These pages are for sharing your favorite Restaurant - Gaststätte - Gasthof - Gasthaus -  Cafe - Konditorei or Imbiss with fellow travelers.  If you have a favorite place to eat in Germany and would like to share your find - this is the place to do it.  Just send a picture (or pictures) and background information.... 


Germany has a variety of eating places for most every budget.

Gaststätte (restaurant/tavern) - Gasthaus/Gasthof (inn) where local cuisines/home cooking and drinks are served.

Café - a place to get coffee and pastries, some snacks and other beverages.

Bierstube/Kneipe - a pub/tavern that serves drinks (lots of Bier) and a limited food menu.

Biergarten - inside/outside seating, limited food menu and a fun place to drink.


Konditorei - a pastry shop, often with a place to sit and drink coffee/tea/etc.



Ratskeller - a restaurant in the cellar of the town hall.

Schnellimbiss - small/quick stop (sometimes just a booth) for Bratwurst/Bier/etc.



Hot meals are served for lunch (Mittagessen) for about two hours (from about 12 to 2) - then again for dinner (Abendessen) (about 6 to 9).

By law, German restaurants post a menu outside near the front door. I love this rule - no surprises - prices listed.


Enter and select your own table (normally). If no empty table available - ask to share someone's table (if there are empty seats). Ask the occupants, "Ist dieser Platz noch frei?" and if they say Ja, you can sit down. And, while you are not expected to, you can strike up a conversation with your table mates. Don't be surprised if your new table mates politely ignore you.

Normally - a glass of water will not be placed on your table - unless you ask. If you just ask for water you will probably get mineral water and have to pay for it. Tap water is 'Leitungswasser'.

There's no need to stress over table manners in restaurants. If you can eat without others staring at you - you will be OK. However, if you want to eat as a German normally would - follow these simple do's and don't's -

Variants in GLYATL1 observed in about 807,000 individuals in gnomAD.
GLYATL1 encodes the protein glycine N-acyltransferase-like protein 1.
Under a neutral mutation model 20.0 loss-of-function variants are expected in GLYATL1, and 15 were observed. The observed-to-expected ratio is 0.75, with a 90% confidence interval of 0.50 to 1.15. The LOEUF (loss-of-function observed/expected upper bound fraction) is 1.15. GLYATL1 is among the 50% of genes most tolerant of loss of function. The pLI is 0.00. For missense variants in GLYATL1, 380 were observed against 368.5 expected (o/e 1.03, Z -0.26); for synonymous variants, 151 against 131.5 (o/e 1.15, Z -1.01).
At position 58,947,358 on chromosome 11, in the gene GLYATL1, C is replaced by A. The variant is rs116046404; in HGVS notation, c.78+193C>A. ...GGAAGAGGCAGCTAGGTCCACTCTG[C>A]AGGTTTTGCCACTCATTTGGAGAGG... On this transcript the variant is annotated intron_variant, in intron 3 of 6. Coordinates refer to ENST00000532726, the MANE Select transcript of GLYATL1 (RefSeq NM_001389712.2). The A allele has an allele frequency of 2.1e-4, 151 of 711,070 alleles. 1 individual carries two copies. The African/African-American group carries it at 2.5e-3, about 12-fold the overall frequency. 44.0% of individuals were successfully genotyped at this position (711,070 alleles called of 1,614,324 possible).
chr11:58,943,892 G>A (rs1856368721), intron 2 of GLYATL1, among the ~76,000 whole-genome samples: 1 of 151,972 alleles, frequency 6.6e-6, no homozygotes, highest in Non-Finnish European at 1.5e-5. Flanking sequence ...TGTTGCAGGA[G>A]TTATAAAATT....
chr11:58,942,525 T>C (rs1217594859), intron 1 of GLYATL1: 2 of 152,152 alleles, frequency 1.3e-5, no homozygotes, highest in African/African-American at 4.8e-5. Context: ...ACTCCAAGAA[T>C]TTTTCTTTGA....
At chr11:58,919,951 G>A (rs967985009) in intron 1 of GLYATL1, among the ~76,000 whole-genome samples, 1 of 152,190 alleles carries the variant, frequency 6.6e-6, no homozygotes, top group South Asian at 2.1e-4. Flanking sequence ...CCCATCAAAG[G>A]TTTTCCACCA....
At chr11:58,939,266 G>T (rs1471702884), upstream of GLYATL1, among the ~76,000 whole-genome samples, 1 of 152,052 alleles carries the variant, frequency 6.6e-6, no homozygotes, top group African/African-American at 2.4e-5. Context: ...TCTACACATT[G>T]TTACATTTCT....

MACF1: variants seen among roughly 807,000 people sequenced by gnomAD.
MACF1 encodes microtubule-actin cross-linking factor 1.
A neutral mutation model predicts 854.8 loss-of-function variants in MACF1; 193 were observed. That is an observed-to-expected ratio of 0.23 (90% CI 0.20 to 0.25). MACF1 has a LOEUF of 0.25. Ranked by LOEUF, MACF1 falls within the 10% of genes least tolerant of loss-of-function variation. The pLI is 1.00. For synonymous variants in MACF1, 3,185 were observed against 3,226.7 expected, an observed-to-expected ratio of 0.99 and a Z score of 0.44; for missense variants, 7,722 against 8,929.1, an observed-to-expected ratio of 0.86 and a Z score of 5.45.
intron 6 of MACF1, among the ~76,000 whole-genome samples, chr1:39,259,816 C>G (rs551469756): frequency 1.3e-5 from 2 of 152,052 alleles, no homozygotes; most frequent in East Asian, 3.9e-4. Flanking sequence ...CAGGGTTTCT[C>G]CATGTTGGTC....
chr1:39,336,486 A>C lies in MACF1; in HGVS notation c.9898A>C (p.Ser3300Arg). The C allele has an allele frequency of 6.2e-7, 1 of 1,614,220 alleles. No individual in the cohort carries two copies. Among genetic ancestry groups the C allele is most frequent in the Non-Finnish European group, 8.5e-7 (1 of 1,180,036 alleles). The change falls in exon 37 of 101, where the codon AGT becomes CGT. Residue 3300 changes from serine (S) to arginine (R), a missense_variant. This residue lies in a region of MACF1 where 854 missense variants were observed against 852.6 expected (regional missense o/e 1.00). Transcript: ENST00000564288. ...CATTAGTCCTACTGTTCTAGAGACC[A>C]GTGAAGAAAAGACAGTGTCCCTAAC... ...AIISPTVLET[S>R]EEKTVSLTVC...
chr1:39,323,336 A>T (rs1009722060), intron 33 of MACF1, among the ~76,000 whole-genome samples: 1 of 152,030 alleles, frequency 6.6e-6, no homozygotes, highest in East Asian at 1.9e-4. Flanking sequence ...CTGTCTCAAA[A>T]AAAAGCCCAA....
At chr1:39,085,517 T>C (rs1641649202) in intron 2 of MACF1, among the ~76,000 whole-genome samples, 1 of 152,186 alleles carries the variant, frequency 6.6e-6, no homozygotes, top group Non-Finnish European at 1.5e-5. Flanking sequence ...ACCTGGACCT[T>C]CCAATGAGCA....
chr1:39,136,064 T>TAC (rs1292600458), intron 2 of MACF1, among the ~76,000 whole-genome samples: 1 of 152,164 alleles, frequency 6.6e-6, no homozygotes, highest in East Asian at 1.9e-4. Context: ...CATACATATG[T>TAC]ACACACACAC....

When the waiter comes - he/she will normally bring a menu (if not - ask for one - "Speisekarte bitte") - order your drink, and then look over the menu while he/she is getting the drink. Many Germany restaurants (especially in high tourist areas) offer an English version of their menu.

A typical German menu


In Germany it is customary to wish others at your table "Guten Appetit" (good appetite - enjoy your meal) prior to them eating.

German table manners dictate that the hands stay on top of the table at all times - not in your lap. However, keep your elbows off the table. Hold the fork in your left hand and the knife in your right.

Don't cut potatoes/dumplings with a knife (to do so might suggest they are not tender).

If you are taking a pause during the meal, but plan to continue eating (to take a drink perhaps) simply put your utensils (facedown) on the table on opposite sides of the plate.

If you are taking a break and want more food - cross the fork and knife on your plate with the fork over the knife.

Occasionally a basket of rolls/bread will be placed on the table. Expect to pay for each piece of bread and butter you take. Rolls should be broken apart by hand.

Toasts are an important in German social life. If making a toast with a Bier you might normally say "Prost" or "Prosit". With a wine glass - "Zum Wohl" or "Zum Wohlsein".

When finished eating, place knife and fork side by side on the right side of the plate (on the plate). Napkin should be folded and placed to the left side of your plate - never on the plate.

The waiter will not normally come to your table with a check until you motion for him/her to do so. Just catch their eye and motion or say "Zahlen bitte". The waiter will then come to your table and calculate the cost of your meal (you pay at the table almost always). Separate checks are a common practice in Germany, and the waiter might ask - separate or together? (Getrennt oder Zusammen?). The tip, or service, is usually included in the price of a meal or beverage. However, it's customary to round up to the next Euro and give the change to the waiter. If the bill is 14.50 and you want to just round up - say "15 Euro bitte". Don't ever expect to be able to pay with a credit card (unless there are credit card logos on the door or prominately displayed). Don't leave a tip on the table, hand it to the waitperson.

When leaving - it is appropriate to say goodbye to anyone at your table and wait staff ("Auf Wiedersehen").

Many restaurants allow owners to bring in their dogs to sit at their feet. Germans love their pets and their dogs are normally very well behaved. You might not even know they are there until the owners depart the restaurant and their pet is by their side.

For the most part, if you practice good table manners at home, they will be OK in Germany. It is not necessary to worry about how to hold your fork or where to place your napkin. Just enjoy your meal and be polite...




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